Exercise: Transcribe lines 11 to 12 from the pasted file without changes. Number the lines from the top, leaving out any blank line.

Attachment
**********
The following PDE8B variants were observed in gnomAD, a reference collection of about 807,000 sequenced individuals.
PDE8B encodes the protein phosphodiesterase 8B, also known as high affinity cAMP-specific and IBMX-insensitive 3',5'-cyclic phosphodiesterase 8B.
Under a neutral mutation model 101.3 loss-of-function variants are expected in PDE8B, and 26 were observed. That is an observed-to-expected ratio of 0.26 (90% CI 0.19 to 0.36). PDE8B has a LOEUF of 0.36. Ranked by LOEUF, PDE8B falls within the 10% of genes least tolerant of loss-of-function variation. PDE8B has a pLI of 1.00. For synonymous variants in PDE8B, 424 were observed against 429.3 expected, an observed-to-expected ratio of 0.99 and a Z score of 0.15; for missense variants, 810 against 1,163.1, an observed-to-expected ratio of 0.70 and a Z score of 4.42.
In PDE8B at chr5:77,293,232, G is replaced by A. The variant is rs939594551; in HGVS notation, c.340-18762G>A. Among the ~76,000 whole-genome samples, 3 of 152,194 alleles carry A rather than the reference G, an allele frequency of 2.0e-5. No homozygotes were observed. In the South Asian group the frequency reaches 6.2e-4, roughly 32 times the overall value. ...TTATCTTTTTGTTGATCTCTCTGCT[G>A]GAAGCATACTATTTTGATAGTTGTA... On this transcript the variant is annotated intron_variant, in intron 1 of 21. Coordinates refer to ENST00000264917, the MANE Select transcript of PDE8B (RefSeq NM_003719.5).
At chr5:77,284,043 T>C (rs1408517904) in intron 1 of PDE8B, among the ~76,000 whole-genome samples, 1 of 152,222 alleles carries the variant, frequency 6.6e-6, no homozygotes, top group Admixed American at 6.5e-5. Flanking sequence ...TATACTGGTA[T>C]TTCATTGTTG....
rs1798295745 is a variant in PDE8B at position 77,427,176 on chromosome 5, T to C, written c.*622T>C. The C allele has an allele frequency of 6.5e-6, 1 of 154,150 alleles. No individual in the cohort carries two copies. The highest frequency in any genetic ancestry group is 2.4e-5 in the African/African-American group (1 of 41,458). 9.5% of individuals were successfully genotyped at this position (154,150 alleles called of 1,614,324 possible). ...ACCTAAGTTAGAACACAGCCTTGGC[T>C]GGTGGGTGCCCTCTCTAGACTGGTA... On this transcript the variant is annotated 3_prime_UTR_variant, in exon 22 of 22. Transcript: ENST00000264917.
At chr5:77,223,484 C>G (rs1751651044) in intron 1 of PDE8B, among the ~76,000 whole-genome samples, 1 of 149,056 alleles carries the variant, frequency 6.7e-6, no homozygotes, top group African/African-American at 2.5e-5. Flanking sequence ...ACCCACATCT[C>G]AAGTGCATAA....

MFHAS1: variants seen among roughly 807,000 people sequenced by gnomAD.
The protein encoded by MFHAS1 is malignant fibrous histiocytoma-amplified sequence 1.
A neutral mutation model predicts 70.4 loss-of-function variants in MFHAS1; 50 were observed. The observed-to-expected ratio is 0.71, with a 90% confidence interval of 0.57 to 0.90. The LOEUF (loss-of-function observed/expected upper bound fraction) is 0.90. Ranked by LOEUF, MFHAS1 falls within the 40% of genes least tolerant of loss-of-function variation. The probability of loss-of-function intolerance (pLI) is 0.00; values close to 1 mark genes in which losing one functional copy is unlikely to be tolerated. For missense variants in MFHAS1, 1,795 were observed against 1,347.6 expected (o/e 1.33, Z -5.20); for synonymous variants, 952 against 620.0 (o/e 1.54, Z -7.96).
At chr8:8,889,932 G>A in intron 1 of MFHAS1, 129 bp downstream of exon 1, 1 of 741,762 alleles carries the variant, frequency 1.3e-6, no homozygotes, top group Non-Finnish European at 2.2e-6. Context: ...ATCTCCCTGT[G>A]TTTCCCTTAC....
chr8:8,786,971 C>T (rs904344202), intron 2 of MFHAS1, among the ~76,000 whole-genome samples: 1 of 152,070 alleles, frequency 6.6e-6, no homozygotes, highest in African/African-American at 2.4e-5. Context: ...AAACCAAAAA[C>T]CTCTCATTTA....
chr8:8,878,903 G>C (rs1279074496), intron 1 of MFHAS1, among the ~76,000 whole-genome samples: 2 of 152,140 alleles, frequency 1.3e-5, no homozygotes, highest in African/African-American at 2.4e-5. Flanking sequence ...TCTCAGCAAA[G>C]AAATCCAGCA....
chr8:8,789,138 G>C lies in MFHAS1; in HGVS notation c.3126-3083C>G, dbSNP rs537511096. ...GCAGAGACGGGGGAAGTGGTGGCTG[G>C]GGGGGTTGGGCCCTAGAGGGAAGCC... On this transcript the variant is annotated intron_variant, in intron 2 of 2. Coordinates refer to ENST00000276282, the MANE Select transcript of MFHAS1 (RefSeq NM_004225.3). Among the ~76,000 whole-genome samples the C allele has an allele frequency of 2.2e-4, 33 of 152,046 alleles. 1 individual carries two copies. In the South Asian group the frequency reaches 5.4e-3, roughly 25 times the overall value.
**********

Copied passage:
At chr8:8,889,932 G>A in intron 1 of MFHAS1, 129 bp downstream of exon 1, 1 of 741,762 alleles carries the variant, frequency 1.3e-6, no homozygotes, top group Non-Finnish European at 2.2e-6. Context: ...ATCTCCCTGT[G>A]TTTCCCTTAC....
chr8:8,786,971 C>T (rs904344202), intron 2 of MFHAS1, among the ~76,000 whole-genome samples: 1 of 152,070 alleles, frequency 6.6e-6, no homozygotes, highest in African/African-American at 2.4e-5. Context: ...AAACCAAAAA[C>T]CTCTCATTTA....